Comments Due Tuesday, Sept. 6, 2016
The Center and the ABA Section of Litigation co-hosted programs on the discovery amendments in 17 cities, beginning in November 2015, to learn from judges and practitioners how the amendments are operating. In total, nearly 70 judges and 70 practitioners appeared on panels speaking to more than 2,500 lawyers.
The roadshows presented an unprecedented opportunity to learn first-hand from the bench and bar how the amendments are working across the country. At the same time, a body of discovery-proportionality jurisprudence has quickly developed, which is captured in the annotated Guidelines and Practices, updated and posted monthly at https://law.duke.edu/judicialstudies/conferences/publications/. Much of what has been learned is consistent with the recommendations in the Guidelines and Practices.
The months of experience with the amendments, and the information and insights the reporters and lawyers who drafted the Guidelines and Practices gathered from working with and talking to lawyers and judges in 17 cities across the country, have provided a basis for refinements, clarifications, and additions that are helpful, timely, and need not be delayed until our later comprehensive review a few years from now. The proposed changes in the attached revised Guidelines and Practices account for these experiences and new case law, but do not significantly alter the substance of the document.
Many of the proposed refinements are to the organization, not the content. Some Guidelines or Practices are moved to better reflect their relationship to the overall proportionality concept. Several changes account for case law. The bulk of the other changes, particularly in the Practices, are examples of discovery techniques recommended by judges and practitioners at the roadshows who use and promote them. The Guidelines and Practices were revised by the project’s reporters, Hon. Lee Rosenthal and Prof. Steven Gensler.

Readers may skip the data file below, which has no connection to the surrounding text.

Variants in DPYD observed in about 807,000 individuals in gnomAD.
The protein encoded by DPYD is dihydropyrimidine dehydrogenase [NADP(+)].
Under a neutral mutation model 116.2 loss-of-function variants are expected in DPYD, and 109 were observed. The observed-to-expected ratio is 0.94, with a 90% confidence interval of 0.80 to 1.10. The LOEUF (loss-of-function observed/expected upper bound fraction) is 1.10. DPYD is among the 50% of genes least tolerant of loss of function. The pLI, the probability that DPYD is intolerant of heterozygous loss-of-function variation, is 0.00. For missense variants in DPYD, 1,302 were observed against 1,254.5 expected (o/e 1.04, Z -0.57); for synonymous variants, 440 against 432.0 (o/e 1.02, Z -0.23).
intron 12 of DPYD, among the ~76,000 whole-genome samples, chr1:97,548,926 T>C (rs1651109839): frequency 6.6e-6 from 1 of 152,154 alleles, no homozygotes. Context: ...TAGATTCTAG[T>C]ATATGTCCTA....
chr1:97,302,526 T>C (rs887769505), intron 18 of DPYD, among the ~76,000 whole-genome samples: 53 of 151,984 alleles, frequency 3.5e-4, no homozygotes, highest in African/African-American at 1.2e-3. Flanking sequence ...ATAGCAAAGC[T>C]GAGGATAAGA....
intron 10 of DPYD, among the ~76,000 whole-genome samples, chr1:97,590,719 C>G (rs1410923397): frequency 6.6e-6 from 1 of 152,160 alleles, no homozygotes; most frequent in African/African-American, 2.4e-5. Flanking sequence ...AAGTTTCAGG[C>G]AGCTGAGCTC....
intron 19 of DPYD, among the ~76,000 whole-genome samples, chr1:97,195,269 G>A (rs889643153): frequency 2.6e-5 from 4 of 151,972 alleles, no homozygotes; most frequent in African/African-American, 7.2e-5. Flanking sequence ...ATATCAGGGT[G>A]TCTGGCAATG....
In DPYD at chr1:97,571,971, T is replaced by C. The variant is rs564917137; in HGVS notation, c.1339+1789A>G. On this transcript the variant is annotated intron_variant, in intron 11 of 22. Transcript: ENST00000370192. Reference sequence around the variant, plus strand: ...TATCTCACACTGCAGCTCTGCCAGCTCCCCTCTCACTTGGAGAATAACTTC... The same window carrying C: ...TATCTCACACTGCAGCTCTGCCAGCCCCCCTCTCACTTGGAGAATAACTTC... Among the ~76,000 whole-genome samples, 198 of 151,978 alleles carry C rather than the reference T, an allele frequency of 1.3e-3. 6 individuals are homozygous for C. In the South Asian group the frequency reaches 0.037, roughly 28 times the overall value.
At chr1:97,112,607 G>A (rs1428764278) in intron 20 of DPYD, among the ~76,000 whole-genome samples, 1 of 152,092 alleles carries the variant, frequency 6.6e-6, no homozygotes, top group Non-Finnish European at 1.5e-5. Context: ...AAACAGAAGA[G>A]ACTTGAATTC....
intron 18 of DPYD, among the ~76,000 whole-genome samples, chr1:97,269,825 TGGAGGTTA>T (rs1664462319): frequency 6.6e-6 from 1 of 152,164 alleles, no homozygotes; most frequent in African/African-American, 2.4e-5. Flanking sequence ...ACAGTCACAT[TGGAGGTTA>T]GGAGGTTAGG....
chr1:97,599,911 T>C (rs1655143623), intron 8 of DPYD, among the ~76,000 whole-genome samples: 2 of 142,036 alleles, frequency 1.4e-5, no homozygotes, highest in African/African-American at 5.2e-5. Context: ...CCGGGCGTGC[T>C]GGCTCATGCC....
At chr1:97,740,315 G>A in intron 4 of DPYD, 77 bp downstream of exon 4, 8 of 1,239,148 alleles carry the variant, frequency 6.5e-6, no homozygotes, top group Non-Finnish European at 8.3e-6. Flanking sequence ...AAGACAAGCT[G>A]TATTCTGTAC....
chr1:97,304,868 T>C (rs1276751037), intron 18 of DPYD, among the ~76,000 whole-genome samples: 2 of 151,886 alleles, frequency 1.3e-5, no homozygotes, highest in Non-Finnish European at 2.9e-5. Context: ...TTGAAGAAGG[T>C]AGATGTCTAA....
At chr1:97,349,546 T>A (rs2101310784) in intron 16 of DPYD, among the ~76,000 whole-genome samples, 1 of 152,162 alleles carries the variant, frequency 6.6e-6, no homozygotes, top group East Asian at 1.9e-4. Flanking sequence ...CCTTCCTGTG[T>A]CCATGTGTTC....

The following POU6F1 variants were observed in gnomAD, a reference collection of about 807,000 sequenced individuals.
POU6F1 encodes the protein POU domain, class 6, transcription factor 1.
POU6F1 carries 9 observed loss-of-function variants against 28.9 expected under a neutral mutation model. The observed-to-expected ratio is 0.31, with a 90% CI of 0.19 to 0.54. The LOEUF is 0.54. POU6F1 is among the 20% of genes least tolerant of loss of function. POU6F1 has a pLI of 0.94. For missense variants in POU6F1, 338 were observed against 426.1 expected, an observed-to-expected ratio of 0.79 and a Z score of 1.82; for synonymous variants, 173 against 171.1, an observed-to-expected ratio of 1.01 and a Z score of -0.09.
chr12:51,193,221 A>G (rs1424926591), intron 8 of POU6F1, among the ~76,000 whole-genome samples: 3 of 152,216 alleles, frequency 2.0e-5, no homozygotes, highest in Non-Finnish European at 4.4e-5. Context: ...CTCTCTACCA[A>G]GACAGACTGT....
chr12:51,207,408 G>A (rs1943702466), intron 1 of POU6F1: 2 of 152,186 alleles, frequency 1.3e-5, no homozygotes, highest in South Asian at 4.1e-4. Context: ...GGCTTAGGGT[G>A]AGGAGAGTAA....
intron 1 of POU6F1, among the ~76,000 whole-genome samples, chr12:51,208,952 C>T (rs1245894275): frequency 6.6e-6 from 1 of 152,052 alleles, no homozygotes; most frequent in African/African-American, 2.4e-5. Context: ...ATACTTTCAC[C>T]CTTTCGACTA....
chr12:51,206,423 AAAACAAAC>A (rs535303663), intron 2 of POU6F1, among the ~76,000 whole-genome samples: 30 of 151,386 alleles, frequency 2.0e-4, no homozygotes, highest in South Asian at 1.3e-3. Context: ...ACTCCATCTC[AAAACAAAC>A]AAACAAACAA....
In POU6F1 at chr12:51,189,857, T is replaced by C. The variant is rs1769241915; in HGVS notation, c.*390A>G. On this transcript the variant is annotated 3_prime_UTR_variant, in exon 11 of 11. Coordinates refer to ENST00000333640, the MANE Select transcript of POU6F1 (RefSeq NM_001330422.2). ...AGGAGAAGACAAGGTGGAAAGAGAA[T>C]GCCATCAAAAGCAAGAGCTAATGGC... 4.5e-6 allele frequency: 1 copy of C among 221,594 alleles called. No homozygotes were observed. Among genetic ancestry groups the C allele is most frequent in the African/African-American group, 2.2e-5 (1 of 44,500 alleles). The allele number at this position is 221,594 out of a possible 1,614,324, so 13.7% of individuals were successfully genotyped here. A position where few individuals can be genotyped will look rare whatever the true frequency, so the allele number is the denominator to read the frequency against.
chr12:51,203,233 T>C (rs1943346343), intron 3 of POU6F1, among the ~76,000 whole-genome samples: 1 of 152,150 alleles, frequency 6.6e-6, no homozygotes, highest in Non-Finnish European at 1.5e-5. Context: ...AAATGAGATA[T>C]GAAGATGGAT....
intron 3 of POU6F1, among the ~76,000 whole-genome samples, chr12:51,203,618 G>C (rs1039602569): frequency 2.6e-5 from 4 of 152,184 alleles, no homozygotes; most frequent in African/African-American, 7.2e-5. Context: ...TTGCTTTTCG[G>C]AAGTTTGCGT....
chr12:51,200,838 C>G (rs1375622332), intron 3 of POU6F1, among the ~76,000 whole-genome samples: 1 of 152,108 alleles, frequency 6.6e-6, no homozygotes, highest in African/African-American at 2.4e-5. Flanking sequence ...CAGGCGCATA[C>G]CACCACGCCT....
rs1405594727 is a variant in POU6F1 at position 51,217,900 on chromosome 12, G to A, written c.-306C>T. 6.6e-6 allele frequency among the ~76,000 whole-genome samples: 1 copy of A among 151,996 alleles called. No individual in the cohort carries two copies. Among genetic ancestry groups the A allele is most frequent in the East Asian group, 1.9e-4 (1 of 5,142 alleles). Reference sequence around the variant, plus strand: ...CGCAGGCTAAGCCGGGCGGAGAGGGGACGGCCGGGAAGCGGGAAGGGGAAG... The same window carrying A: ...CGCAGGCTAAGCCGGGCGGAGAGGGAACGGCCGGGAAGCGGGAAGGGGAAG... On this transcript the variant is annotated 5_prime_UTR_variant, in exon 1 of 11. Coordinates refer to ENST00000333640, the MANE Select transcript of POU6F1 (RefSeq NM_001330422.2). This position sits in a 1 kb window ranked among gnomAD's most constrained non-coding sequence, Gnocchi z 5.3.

More significant changes will require more time and work to analyze developing case law and diverse experiences of lawyers and judges applying the amended Rules. In addition, the Center has commissioned several studies evaluating the amendments over the next three years, which include holding three regional bench-bar conferences beginning in April 2017 in Dallas, surveying major bar organizations and judges, reviewing discovery-cost invoices submitted by outside counsel, and studying cost data from ESI vendors. All this work will inform future revisions of the Guidelines and Practices, which will continue ensuring an up-to-date useful reference source.
Please submit your comments no later than c-o-b Tuesday, September 6, 2016. Comments should be sent to: email@example.com.
The reporters will consider all comments and make any appropriate revisions and will forward the draft for review to a select Center editorial board consisting of Hon. Paul Grimm (D. Md.), Paul Grewal (former magistrate judge and Facebook deputy counsel), and Dena Sharp (Girard Gibbs LLP). A copy of the final version will be posted on our website and published in the November Judicature issue.\r\n
The Electronic Discovery Reference Model (EDRM) creates practical resources to improve e-discovery and information governance. Since 2005, EDRM has delivered leadership, standards, best practices, tools, guides and test data sets to improve electronic discovery and information governance. Member individuals, law firms, corporations and government organizations actively contribute to the direction of EDRM.